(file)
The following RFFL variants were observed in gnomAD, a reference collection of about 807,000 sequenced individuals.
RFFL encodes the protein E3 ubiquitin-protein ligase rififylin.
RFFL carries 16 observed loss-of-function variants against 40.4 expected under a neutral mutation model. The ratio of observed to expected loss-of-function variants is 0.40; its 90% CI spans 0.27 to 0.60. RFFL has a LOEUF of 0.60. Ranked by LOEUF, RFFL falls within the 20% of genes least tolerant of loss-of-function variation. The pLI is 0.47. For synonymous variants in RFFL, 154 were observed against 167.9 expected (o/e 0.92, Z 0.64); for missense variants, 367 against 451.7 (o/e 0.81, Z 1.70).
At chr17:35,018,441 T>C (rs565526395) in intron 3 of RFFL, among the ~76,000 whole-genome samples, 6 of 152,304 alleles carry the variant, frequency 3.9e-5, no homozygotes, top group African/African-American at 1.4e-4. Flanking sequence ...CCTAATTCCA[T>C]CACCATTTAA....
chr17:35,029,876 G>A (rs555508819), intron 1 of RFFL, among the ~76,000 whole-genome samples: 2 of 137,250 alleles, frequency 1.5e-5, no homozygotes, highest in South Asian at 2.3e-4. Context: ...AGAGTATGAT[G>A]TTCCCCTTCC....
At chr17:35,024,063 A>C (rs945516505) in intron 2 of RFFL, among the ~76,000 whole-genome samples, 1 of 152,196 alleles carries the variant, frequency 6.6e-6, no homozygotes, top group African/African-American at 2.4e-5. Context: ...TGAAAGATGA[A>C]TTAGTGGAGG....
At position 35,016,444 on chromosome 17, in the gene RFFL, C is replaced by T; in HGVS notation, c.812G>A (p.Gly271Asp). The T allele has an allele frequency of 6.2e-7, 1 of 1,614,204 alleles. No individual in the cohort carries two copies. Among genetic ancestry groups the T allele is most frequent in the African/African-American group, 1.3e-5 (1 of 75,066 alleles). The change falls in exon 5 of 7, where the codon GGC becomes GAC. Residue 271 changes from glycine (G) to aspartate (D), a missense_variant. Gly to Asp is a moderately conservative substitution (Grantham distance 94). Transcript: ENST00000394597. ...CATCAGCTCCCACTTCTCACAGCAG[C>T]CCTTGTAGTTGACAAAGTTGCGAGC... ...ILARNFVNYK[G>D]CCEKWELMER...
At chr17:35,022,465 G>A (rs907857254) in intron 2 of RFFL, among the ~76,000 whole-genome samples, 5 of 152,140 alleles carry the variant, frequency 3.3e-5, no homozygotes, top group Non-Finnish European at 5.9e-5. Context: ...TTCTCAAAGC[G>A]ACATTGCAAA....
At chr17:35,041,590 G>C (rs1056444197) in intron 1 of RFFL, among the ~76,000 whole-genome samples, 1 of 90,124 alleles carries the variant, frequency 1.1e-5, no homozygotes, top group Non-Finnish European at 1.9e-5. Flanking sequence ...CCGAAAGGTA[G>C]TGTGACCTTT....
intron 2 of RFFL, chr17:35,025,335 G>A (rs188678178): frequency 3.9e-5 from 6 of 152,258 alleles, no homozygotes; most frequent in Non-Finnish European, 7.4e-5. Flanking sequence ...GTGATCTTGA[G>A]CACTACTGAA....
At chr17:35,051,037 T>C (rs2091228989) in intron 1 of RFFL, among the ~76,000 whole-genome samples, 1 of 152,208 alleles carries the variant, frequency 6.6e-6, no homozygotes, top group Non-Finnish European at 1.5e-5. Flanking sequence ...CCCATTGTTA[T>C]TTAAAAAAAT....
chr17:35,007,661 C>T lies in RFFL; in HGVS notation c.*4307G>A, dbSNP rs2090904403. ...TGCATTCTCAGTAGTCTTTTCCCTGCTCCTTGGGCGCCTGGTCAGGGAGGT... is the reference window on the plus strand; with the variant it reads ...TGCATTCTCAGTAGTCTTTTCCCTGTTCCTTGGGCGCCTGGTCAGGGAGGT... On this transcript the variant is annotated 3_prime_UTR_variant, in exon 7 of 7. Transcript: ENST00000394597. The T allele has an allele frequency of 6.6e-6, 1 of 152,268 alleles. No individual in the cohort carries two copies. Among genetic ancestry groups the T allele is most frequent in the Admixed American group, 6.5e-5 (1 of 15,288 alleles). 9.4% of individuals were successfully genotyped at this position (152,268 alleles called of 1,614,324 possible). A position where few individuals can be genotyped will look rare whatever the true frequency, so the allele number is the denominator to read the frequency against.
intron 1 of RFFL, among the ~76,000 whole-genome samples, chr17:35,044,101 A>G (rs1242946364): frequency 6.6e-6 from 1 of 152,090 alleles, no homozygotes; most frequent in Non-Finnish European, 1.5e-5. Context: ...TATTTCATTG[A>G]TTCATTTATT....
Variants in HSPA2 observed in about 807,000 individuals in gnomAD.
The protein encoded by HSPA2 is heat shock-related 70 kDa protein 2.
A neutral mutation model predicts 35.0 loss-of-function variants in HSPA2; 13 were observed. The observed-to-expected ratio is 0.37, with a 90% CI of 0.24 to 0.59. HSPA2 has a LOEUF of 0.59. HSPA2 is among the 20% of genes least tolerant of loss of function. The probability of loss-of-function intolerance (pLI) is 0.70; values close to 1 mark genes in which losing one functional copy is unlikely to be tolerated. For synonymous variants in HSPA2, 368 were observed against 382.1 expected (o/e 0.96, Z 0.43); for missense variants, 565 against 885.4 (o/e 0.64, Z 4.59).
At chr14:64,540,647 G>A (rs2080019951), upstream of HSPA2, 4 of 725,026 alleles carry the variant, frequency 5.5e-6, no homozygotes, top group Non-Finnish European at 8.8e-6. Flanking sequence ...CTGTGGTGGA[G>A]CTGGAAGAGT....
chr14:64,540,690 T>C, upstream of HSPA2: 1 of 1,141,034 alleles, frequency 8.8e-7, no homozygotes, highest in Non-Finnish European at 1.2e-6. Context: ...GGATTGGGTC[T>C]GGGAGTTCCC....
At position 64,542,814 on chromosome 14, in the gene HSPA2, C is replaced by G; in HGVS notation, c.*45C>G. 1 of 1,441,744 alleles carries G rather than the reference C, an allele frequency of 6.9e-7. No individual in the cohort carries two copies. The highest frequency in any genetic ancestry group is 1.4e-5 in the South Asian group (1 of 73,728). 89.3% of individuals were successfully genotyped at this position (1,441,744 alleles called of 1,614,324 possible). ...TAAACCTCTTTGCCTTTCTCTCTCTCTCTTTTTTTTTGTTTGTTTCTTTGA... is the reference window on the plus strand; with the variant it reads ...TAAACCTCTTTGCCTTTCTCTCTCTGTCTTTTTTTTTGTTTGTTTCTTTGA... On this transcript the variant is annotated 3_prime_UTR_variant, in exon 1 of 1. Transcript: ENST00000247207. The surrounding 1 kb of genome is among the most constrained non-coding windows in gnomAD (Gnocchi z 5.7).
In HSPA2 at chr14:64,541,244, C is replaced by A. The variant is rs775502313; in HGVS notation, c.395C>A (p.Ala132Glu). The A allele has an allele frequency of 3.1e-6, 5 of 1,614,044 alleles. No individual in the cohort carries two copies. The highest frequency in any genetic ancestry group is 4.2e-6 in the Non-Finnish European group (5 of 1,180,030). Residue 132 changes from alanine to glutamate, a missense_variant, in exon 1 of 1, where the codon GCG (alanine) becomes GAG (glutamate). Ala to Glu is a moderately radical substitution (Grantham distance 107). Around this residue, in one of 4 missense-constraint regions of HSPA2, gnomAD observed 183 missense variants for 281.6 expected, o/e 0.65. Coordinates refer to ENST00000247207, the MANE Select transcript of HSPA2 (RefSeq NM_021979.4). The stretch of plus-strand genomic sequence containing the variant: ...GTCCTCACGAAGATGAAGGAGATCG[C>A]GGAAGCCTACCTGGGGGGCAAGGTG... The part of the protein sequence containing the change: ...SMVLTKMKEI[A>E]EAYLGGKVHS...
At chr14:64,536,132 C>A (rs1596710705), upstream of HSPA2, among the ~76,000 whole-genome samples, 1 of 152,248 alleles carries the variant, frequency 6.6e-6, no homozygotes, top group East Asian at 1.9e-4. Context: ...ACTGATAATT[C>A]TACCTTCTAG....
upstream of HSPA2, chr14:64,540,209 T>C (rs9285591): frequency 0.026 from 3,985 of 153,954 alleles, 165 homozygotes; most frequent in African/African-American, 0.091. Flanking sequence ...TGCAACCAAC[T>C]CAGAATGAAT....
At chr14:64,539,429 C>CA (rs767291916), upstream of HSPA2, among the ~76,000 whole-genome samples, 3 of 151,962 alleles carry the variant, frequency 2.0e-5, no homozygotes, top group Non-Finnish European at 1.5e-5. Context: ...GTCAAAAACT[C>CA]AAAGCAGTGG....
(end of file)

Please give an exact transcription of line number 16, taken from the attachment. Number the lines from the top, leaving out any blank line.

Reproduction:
A neutral mutation model predicts 35.0 loss-of-function variants in HSPA2; 13 were observed. The observed-to-expected ratio is 0.37, with a 90% CI of 0.24 to 0.59. HSPA2 has a LOEUF of 0.59. HSPA2 is among the 20% of genes least tolerant of loss of function. The probability of loss-of-function intolerance (pLI) is 0.70; values close to 1 mark genes in which losing one functional copy is unlikely to be tolerated. For synonymous variants in HSPA2, 368 were observed against 382.1 expected (o/e 0.96, Z 0.43); for missense variants, 565 against 885.4 (o/e 0.64, Z 4.59).